Compared to dye solar cells, however, efficiency represents a growing obstacle for PECs. An unusual approach is being taken by Artur Braun and his team at the Swiss Federal Laboratories for Materials Science and Technology (Empa) in an attempt to increase efficiency without raising material costs or having to use rare soil: using cyanobacteria proteins to functionalize the photoactive material haematite, a ferrous mineral that is ecologically compatible, affordable and abundant. As Braun explains, cyanobacteria proteins act as a kind of absorbent light aerial to obtain significantly higher conversion efficiency in PECs. In addition, using genetic manipulation, the researchers have been able to make the cyanobacteria proteins grow molecular “wires” for improved transmission of the resulting electrical charges and energy. This principle has already been successfully replicated in the laboratory. Because extracting the proteins from cyanobacteria requires an additional step, attempts are now being made to use the whole bacterium, one that has such a molecular wire. One possible basis for this would involve Shewanella bacteria that grow wires of iron oxide naturally: genetic segments from this bacteria could be used to enhance the efficiency of PECs. Inspired by the bioreactor facade of the BIQ Algenhaus in Hamburg, Braun’s concept and objective is to integrate PECs directly into the windowpanes and facade elements of residential and office buildings, in the form of double glazing with a watery electrolyte filling the gap. The solar fuel generated in this way could be stored locally and used as required by means of fuel cells. As with dye solar cells, the advantage of photoelectrochemical cells is their versatility in terms of geometry. They do not even have to be flat, allowing, for example, cylindrical shapes or flexible substrates.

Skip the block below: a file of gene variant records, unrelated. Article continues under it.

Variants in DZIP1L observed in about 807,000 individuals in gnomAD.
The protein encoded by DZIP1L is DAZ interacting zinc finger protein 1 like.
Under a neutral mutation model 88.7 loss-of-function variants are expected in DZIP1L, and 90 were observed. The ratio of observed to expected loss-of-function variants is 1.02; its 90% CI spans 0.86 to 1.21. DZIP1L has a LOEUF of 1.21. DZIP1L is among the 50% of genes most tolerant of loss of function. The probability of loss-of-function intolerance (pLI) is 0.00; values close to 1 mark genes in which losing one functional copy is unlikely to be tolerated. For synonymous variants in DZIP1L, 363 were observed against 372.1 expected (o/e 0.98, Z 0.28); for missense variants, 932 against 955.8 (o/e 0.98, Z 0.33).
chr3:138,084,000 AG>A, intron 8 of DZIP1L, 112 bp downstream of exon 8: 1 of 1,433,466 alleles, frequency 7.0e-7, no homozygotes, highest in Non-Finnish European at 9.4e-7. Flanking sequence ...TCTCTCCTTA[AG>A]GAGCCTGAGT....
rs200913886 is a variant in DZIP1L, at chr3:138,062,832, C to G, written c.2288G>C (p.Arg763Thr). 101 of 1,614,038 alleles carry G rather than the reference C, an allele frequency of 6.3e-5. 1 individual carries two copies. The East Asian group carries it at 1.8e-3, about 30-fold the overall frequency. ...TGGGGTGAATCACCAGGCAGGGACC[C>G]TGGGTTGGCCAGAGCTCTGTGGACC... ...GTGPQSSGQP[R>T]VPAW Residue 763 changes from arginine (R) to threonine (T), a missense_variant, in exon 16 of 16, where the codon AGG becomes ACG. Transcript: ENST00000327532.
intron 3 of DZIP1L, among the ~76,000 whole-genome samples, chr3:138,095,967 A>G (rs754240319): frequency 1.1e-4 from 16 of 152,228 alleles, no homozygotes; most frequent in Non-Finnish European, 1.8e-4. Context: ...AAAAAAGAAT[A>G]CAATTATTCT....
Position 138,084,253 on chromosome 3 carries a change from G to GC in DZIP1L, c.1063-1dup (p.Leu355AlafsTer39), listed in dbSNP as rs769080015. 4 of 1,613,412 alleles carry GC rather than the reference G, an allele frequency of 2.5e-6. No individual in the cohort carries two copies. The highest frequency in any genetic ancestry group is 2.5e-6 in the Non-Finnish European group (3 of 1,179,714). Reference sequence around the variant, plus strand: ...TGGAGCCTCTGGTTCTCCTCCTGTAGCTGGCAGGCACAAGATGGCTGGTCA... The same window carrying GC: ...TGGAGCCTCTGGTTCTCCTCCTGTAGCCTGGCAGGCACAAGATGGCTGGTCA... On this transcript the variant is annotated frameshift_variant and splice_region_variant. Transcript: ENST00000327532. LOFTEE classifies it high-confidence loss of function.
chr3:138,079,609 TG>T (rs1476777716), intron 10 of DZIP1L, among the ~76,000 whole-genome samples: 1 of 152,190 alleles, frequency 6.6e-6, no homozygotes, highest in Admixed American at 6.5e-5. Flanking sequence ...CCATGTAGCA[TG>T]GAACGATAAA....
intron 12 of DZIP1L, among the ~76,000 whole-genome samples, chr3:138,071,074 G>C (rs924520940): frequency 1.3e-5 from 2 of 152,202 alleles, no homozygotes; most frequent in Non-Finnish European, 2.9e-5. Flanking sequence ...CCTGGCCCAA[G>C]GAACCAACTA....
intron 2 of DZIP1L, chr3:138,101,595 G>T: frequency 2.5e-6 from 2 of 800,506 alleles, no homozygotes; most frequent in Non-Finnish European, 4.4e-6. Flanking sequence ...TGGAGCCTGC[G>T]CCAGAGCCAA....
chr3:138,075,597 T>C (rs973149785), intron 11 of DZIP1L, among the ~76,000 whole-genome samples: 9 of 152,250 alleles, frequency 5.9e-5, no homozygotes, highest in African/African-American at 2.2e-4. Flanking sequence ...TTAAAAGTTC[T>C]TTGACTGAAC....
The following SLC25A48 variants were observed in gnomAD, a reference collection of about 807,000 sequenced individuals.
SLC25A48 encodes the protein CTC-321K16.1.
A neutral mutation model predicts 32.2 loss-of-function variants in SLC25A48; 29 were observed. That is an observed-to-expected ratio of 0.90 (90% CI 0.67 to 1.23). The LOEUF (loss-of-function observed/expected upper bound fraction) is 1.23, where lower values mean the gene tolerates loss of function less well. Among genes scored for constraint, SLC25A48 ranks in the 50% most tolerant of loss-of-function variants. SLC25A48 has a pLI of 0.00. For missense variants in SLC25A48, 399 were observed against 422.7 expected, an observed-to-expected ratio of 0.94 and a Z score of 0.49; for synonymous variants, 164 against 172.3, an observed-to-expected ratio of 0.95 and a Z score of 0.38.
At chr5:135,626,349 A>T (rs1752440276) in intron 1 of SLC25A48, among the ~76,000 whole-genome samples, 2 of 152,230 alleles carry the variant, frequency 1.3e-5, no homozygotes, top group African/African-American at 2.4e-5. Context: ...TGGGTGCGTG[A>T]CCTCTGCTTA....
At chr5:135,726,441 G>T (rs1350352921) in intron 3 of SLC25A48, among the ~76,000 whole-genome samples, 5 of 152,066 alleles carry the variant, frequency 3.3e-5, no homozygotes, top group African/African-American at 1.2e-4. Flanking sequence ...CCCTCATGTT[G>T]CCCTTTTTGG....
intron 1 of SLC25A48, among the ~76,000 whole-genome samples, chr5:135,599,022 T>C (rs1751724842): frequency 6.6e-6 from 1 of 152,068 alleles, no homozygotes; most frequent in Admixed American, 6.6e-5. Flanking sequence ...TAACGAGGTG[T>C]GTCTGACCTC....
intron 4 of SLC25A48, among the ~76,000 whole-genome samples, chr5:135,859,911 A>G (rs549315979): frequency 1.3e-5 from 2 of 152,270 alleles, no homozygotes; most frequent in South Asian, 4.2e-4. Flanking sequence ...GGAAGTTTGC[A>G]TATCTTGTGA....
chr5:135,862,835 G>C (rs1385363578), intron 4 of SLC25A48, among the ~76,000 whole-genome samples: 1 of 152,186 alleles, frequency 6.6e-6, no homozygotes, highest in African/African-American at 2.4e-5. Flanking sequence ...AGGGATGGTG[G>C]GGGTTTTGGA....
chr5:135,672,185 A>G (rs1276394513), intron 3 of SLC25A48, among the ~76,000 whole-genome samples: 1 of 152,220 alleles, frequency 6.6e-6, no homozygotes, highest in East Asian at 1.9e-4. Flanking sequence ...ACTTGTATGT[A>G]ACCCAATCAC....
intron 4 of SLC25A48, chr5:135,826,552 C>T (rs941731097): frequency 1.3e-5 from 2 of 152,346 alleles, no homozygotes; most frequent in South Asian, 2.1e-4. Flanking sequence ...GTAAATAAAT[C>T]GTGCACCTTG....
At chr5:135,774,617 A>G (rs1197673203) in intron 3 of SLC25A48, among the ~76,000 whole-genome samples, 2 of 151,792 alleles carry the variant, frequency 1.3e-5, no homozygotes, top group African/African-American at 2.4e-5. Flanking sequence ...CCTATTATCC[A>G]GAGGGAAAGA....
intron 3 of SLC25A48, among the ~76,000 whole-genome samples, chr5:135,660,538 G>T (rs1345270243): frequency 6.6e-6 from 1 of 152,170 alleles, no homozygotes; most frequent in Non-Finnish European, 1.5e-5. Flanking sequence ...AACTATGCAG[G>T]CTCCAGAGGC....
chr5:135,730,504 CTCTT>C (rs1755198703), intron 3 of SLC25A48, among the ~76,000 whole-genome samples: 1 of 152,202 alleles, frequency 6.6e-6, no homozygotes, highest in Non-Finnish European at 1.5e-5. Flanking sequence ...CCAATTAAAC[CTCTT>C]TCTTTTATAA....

Recipe for Dye-sensitized solar cell
Ingredients (see the modular system of Man Solar):
- at least eight glass plates with transparent conductive coating (TCO)
- titanium dioxide solution
- electrolytic solution
- fresh fruits (blackberries, cherries, currant) or dried hibiscus flowers
- paper clips
- a small cup
- a piece of aluminium foil
- spirit burner
- alligator clips
- multimeter for measuring the electricity or an calculator
1.) negative electrode
- clean and dry thoroughly four glas plates
- mark the edges of the glass on the conductive rough side with tape
- apply the solution of titanium dioxide all over on the marked area
- dry it with a hair dryer and remove the tape
- burn it in the flame of the spirit burner until the layer is brown and then changes to white again
2.) positive electrode
- clean and dry thoroughly four glas plates
- cover the conductive and rough side completely with a graphite pencil
3.) colourized by fruits
- pour boiling water over the dried hibiscus flowers and let it steep 5 to 15 minutes or: squash fresh raspberries, cherries, blackberries and currants
- bathe the negative electrode in the fruit juice until the white TiO2 layer has colored red (about 5 minutes)
- wash up the dye remaining
- dry it with a hair dryer
- give a drop of electrolyte solution on the graphite side of the plus electrode
- place the minus electrode with the colored TiO2 layer on the electrolyte solution
- secure them with a paper clips
- connect the solar cells in series
- add the multimeter and measure the produced electricity
- or add the calculator
Mareike Gast is an industrial designer with her own business in Frankfurt, specializing in new materials and technologies. In close cooperation with industry and research, she develops innovative products and product strategies. In addition to her work in product development, she also regularly teaches at various international universities.